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U.S. monetary policy and econometric modeling: tales from the FOMC transcripts 1984-1991

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  • Hali J. Edison
  • Jaime R. Marquez

Abstract

This paper uses the transcripts from the FOMC meetings to characterize the interactions between policymakers and macro models in the formulation of U.S. monetary policy. We develop a taxonomy of these interactions and present two case studies. The first case focuses on the debate on the choice of monetary target and the second case focuses on the 1990/1991 recession. The analysis reveals that U.S. monetary policy relies on models for information. Models give estimates of both the outlook and the response of the economy to policy changes. Models also evolve to recognize the changing context in which policymakers operate--exchange rate flexibility, financial deregulation, and international trade agreements

Suggested Citation

  • Hali J. Edison & Jaime R. Marquez, 1998. "U.S. monetary policy and econometric modeling: tales from the FOMC transcripts 1984-1991," International Finance Discussion Papers 607, Board of Governors of the Federal Reserve System (U.S.).
  • Handle: RePEc:fip:fedgif:607
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    References listed on IDEAS

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    1. Brayton, Flint & Levin, Andrew & Lyon, Ralph & Williams, John C., 1997. "The evolution of macro models at the Federal Reserve Board," Carnegie-Rochester Conference Series on Public Policy, Elsevier, vol. 47(1), pages 43-81, December.
    2. Duguay, Pierre & Longworth, David, 1998. "Macroeconomic models and policy making at the bank of canada," Economic Modelling, Elsevier, vol. 15(3), pages 357-375, July.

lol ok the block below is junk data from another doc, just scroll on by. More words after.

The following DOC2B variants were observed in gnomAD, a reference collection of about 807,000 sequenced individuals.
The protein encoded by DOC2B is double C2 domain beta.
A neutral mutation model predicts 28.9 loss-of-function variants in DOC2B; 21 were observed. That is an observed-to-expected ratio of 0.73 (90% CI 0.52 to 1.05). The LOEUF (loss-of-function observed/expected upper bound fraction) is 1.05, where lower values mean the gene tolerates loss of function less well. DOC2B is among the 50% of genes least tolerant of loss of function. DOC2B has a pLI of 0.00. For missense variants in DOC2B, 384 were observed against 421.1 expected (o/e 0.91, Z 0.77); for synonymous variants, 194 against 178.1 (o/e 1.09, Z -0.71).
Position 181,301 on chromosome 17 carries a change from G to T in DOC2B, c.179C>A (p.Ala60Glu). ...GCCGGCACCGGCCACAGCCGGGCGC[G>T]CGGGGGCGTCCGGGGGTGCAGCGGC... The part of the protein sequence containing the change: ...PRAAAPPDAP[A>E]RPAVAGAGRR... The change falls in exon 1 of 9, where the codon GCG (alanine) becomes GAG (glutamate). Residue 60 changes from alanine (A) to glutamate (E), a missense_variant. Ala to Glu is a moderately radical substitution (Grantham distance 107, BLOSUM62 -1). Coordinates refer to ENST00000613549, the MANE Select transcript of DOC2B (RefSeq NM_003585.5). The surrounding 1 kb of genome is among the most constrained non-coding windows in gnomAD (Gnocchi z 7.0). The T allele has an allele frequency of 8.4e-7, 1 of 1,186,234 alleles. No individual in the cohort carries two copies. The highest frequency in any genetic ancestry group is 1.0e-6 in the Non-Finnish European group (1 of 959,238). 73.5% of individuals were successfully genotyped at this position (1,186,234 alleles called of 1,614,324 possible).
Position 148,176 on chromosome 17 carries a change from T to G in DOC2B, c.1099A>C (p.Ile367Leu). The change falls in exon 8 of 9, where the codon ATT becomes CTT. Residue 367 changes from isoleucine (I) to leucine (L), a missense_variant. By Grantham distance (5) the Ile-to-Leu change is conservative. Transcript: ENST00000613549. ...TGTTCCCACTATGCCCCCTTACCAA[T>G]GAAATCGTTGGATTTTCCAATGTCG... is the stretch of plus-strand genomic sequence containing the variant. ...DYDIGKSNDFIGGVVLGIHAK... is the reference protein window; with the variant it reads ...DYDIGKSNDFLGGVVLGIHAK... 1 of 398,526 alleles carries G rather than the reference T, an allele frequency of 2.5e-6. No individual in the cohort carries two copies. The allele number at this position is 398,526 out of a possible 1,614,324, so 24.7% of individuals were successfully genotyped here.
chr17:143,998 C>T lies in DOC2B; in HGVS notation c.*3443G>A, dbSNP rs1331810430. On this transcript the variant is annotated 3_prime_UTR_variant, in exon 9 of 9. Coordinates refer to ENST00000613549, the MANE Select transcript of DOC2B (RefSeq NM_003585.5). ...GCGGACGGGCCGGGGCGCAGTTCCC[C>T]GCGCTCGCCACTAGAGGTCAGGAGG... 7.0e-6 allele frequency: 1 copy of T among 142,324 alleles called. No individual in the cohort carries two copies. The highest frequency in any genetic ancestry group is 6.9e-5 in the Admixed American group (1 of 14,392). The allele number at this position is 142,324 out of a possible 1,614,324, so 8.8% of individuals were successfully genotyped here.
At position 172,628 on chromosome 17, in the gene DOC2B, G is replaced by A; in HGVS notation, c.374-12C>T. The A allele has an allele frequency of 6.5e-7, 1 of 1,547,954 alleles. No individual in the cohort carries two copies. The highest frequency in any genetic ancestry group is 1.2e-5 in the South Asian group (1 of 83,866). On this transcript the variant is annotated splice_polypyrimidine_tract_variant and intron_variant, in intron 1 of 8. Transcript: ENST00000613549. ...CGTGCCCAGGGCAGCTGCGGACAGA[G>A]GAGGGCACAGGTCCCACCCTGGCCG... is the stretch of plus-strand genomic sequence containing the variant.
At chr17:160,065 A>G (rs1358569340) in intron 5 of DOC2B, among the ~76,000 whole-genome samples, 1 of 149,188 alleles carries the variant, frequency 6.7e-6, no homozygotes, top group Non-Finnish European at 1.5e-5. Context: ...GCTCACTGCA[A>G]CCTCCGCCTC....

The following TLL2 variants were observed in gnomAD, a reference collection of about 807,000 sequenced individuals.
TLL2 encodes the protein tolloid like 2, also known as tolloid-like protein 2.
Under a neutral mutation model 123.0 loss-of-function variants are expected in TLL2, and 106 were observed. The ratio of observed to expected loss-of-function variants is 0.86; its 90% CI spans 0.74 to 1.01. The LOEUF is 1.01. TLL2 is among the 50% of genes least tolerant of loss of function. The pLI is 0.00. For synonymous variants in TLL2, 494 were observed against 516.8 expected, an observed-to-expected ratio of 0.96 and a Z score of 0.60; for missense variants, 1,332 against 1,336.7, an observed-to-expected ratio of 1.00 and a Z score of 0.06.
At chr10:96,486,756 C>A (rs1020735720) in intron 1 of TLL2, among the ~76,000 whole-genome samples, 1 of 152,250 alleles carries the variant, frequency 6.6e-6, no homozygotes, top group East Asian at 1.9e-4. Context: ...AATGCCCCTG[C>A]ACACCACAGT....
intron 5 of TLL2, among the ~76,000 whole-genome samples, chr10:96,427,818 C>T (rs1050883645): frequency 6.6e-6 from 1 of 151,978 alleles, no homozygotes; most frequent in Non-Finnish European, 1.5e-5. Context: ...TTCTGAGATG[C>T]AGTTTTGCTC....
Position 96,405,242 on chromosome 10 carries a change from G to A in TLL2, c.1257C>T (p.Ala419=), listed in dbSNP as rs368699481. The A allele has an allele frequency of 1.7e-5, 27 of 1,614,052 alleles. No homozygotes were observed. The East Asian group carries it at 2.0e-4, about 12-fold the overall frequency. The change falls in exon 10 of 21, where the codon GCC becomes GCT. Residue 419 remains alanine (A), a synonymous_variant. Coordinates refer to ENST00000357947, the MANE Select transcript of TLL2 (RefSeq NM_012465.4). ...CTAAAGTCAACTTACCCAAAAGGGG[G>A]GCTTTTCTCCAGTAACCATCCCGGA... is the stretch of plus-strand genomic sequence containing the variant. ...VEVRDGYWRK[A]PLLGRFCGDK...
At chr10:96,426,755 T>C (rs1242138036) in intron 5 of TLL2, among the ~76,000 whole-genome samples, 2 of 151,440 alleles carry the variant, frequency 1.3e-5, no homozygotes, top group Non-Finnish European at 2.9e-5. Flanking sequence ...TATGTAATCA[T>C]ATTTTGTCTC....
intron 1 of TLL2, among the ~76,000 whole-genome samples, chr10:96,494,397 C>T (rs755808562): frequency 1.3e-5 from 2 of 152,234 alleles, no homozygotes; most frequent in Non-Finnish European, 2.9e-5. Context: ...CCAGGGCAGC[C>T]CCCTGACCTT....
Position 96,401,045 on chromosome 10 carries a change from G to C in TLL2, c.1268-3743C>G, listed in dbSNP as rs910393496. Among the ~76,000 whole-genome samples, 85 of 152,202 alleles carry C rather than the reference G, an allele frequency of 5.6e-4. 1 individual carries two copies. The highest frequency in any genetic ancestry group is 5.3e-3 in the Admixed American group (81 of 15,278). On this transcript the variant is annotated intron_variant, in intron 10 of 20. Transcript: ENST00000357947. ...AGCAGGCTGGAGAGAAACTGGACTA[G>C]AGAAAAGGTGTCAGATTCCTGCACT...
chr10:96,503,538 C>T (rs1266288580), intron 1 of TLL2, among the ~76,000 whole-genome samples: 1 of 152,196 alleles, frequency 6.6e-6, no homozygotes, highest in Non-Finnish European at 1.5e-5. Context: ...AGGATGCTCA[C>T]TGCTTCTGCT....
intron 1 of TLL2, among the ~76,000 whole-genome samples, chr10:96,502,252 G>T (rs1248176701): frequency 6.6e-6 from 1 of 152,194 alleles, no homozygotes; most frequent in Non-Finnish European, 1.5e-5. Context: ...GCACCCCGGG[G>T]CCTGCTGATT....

3. Andrew T. Levin & John H. Rogers & Ralph W. Tryon, 1997. "Evaluating international economic policy with the Federal Reserve's global model," Federal Reserve Bulletin, Board of Governors of the Federal Reserve System (U.S.), issue Oct, pages 797-817.
    4. Reifschneider, David L. & Stockton, David J. & Wilcox, David W., 1997. "Econometric models and the monetary policy process," Carnegie-Rochester Conference Series on Public Policy, Elsevier, vol. 47(1), pages 1-37, December.
    5. Mayes, David G. & Razzak, W. A., 1998. "Transparency and accountability: Empirical models and policy making at the Reserve Bank of New Zealand," Economic Modelling, Elsevier, vol. 15(3), pages 377-394, July.
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    Cited by:

    1. Lähner, Tom, 2015. "Inconsistent voting behavior in the FOMC," Hannover Economic Papers (HEP) dp-546, Leibniz Universität Hannover, Wirtschaftswissenschaftliche Fakultät.
    2. Arnab Bhattacharjee & Sean Holly, 2015. "Influence, Interactions and Heterogeneity: Taking Personalities out of Monetary Policy Decision-making," Manchester School, University of Manchester, vol. 83(2), pages 153-182, March.
    3. Bohdan Klos & Ryszard Kokoszczynski & Tomasz Lyziak & Jan Przystupa & Ewa Wrobel, 2005. "Structural Econometric Models in Forecasting Inflation at the National Bank of Poland," NBP Working Papers 31, Narodowy Bank Polski, Economic Research Department.
    4. Bennani, Hamza & Farvaque, Etienne & Stanek, Piotr, 2018. "Influence of regional cycles and personal background on FOMC members’ preferences and disagreement," Economic Modelling, Elsevier, vol. 68(C), pages 416-424.

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